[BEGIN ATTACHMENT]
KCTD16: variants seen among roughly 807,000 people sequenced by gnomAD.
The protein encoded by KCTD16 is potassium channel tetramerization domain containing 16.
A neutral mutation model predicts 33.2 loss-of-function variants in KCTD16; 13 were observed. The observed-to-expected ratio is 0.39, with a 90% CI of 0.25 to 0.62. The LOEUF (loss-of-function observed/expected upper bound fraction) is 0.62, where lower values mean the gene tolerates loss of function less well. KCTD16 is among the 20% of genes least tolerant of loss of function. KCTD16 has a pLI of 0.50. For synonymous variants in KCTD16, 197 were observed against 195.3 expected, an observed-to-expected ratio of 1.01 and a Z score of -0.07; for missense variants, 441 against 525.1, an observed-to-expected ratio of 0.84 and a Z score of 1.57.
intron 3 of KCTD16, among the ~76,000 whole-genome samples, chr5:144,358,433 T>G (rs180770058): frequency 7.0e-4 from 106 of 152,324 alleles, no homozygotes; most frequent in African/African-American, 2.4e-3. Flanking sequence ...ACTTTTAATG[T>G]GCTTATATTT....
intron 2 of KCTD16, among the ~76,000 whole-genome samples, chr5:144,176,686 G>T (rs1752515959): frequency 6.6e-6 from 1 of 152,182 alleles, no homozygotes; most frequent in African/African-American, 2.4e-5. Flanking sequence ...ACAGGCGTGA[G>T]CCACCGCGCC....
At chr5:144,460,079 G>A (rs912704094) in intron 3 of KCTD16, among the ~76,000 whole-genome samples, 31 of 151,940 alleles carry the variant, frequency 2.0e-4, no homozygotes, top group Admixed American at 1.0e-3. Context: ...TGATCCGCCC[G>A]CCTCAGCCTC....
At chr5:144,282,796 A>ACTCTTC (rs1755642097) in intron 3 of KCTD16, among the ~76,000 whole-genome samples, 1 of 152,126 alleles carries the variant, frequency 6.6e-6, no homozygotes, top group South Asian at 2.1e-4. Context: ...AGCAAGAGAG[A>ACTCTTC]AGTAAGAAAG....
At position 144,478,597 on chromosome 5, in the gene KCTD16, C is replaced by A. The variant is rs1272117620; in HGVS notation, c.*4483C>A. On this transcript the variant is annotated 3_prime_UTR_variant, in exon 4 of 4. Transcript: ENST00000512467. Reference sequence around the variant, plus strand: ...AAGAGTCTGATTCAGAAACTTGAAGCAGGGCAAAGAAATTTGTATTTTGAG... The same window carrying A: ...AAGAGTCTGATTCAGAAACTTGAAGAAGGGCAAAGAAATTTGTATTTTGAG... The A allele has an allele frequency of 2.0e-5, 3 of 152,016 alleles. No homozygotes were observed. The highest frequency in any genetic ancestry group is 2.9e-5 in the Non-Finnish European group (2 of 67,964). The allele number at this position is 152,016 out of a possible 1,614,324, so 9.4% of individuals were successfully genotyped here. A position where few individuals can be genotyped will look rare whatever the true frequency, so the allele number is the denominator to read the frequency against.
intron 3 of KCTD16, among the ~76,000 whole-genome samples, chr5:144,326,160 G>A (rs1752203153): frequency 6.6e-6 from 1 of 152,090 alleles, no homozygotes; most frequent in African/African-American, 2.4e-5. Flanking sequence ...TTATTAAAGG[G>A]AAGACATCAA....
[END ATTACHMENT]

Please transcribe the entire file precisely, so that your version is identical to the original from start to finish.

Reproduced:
KCTD16: variants seen among roughly 807,000 people sequenced by gnomAD.
The protein encoded by KCTD16 is potassium channel tetramerization domain containing 16.
A neutral mutation model predicts 33.2 loss-of-function variants in KCTD16; 13 were observed. The observed-to-expected ratio is 0.39, with a 90% CI of 0.25 to 0.62. The LOEUF (loss-of-function observed/expected upper bound fraction) is 0.62, where lower values mean the gene tolerates loss of function less well. KCTD16 is among the 20% of genes least tolerant of loss of function. KCTD16 has a pLI of 0.50. For synonymous variants in KCTD16, 197 were observed against 195.3 expected, an observed-to-expected ratio of 1.01 and a Z score of -0.07; for missense variants, 441 against 525.1, an observed-to-expected ratio of 0.84 and a Z score of 1.57.
intron 3 of KCTD16, among the ~76,000 whole-genome samples, chr5:144,358,433 T>G (rs180770058): frequency 7.0e-4 from 106 of 152,324 alleles, no homozygotes; most frequent in African/African-American, 2.4e-3. Flanking sequence ...ACTTTTAATG[T>G]GCTTATATTT....
intron 2 of KCTD16, among the ~76,000 whole-genome samples, chr5:144,176,686 G>T (rs1752515959): frequency 6.6e-6 from 1 of 152,182 alleles, no homozygotes; most frequent in African/African-American, 2.4e-5. Flanking sequence ...ACAGGCGTGA[G>T]CCACCGCGCC....
At chr5:144,460,079 G>A (rs912704094) in intron 3 of KCTD16, among the ~76,000 whole-genome samples, 31 of 151,940 alleles carry the variant, frequency 2.0e-4, no homozygotes, top group Admixed American at 1.0e-3. Context: ...TGATCCGCCC[G>A]CCTCAGCCTC....
At chr5:144,282,796 A>ACTCTTC (rs1755642097) in intron 3 of KCTD16, among the ~76,000 whole-genome samples, 1 of 152,126 alleles carries the variant, frequency 6.6e-6, no homozygotes, top group South Asian at 2.1e-4. Context: ...AGCAAGAGAG[A>ACTCTTC]AGTAAGAAAG....
At position 144,478,597 on chromosome 5, in the gene KCTD16, C is replaced by A. The variant is rs1272117620; in HGVS notation, c.*4483C>A. On this transcript the variant is annotated 3_prime_UTR_variant, in exon 4 of 4. Transcript: ENST00000512467. Reference sequence around the variant, plus strand: ...AAGAGTCTGATTCAGAAACTTGAAGCAGGGCAAAGAAATTTGTATTTTGAG... The same window carrying A: ...AAGAGTCTGATTCAGAAACTTGAAGAAGGGCAAAGAAATTTGTATTTTGAG... The A allele has an allele frequency of 2.0e-5, 3 of 152,016 alleles. No homozygotes were observed. The highest frequency in any genetic ancestry group is 2.9e-5 in the Non-Finnish European group (2 of 67,964). The allele number at this position is 152,016 out of a possible 1,614,324, so 9.4% of individuals were successfully genotyped here. A position where few individuals can be genotyped will look rare whatever the true frequency, so the allele number is the denominator to read the frequency against.
intron 3 of KCTD16, among the ~76,000 whole-genome samples, chr5:144,326,160 G>A (rs1752203153): frequency 6.6e-6 from 1 of 152,090 alleles, no homozygotes; most frequent in African/African-American, 2.4e-5. Flanking sequence ...TTATTAAAGG[G>A]AAGACATCAA....